Israeli Court Says Rachel Corrie was Not Unlawfully Killed
An Israeli court rejected on Tuesday, the 28th of August, accusations of negligence over the 2003 killing of American activist Rachel Corrie, who was crushed to death by an Israeli army bulldozer in the Gaza Strip.
Corrie’s family filed the lawsuit in the northern Israeli city of Haifa in 2005, accusing Israel of intentionally and unlawfully killing their 23-year-old daughter and failing to conduct a full and credible investigation.
In a lengthy ruling read out to the court, the judge said the state was not responsible for any “damages caused” as they had occurred during what he termed war-time actions. He called Corrie’s death a “regrettable accident”.
“I reject the suit,” the judge said. “There is no justification to demand the state pay any damages.”
He added that the soldiers had done their utmost to keep people away from the site. “She (Corrie) did not distance herself from the area, as any thinking person would have done.”
Corrie’s death made her a symbol of the uprising, and while her family battled through the courts to establish who was responsible for her killing, her story was dramatized on stage in a dozen countries and told in the book “Let Me Stand Alone.”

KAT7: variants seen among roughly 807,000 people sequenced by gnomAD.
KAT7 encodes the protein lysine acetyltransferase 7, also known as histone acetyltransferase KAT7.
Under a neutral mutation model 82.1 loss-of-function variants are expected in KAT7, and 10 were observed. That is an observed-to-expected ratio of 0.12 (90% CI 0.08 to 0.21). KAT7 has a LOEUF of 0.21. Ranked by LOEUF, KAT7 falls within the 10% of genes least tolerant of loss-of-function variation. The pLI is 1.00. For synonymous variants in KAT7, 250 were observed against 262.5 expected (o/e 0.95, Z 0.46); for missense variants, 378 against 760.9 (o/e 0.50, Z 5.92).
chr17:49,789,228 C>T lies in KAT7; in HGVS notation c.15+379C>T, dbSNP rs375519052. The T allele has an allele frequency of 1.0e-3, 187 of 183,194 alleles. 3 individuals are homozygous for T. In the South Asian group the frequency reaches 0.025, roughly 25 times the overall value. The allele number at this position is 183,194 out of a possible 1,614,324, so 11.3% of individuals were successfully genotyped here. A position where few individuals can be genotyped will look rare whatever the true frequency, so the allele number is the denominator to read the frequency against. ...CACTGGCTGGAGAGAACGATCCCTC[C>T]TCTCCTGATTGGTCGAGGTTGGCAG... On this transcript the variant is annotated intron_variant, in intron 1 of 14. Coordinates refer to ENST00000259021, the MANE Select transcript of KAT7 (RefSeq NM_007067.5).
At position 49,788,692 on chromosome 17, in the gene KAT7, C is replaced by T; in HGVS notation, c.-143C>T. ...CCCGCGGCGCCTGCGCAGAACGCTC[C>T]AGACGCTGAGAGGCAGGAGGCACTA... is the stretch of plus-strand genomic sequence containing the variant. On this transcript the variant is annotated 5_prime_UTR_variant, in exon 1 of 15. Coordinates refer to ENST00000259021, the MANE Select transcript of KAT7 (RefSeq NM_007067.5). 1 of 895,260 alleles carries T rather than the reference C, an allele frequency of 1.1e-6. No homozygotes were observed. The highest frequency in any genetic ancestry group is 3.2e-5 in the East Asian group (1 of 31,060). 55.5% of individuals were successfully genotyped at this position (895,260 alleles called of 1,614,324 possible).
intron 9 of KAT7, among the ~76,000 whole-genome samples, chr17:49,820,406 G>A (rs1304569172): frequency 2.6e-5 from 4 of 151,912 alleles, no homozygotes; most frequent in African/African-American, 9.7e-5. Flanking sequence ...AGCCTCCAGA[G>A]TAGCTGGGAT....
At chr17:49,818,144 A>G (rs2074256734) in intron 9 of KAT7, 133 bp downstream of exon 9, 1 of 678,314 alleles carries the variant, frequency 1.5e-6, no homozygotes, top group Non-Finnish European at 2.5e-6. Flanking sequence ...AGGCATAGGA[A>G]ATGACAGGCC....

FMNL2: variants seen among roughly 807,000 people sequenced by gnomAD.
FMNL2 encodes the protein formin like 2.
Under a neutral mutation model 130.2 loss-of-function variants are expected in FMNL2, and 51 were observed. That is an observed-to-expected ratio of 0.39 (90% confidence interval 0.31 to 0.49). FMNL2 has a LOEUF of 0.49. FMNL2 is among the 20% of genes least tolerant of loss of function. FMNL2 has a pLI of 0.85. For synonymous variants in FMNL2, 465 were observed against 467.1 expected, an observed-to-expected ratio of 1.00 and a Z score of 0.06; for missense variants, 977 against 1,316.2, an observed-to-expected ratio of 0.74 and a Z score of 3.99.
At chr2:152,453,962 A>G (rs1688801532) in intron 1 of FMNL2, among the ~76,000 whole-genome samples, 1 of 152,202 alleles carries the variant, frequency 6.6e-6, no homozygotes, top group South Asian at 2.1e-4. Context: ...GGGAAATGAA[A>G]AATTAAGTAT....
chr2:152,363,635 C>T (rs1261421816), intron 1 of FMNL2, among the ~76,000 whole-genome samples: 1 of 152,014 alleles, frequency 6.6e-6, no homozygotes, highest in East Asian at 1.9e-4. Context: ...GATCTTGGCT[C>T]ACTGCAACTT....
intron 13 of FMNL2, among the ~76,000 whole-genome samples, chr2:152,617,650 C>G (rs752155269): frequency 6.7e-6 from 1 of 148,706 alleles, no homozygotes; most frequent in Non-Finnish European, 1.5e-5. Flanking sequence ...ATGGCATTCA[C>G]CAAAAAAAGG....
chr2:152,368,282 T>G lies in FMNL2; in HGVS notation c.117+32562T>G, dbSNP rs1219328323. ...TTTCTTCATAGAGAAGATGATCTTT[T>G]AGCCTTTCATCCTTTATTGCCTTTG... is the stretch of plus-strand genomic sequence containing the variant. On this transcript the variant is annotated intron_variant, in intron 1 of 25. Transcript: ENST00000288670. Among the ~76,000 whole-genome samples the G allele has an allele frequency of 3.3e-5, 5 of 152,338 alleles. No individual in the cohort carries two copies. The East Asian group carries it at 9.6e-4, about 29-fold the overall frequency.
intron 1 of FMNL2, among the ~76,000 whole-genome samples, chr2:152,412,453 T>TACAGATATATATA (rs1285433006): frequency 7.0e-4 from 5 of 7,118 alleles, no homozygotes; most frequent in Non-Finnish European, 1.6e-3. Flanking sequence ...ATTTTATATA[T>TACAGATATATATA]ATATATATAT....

Senior US officials criticized the original military investigation into the case, saying it had been neither thorough nor credible. But the judge said the inquiry had been appropriate and pinned no blame on the army.
Israel’s far-right Yisrael Beitenu party, a member of Israeli Prime Minister Benjamin Netanyahu’s governing coalition, heralded the verdict, calling it “vindication after vilification”.
A spokeswoman for the Corrie family told Ma’an in May that the investigation by Israeli military police into Rachel’s death had been “careless and shoddy,” as well as emotionally taxing for the family.
Israeli soldiers had signed testimonies about the events and then couldn’t remember them in court, Stacy Sullivan told Ma’an, adding that the driver of the bulldozer that killed Rachel did not remember her name in court, or the date of the incident.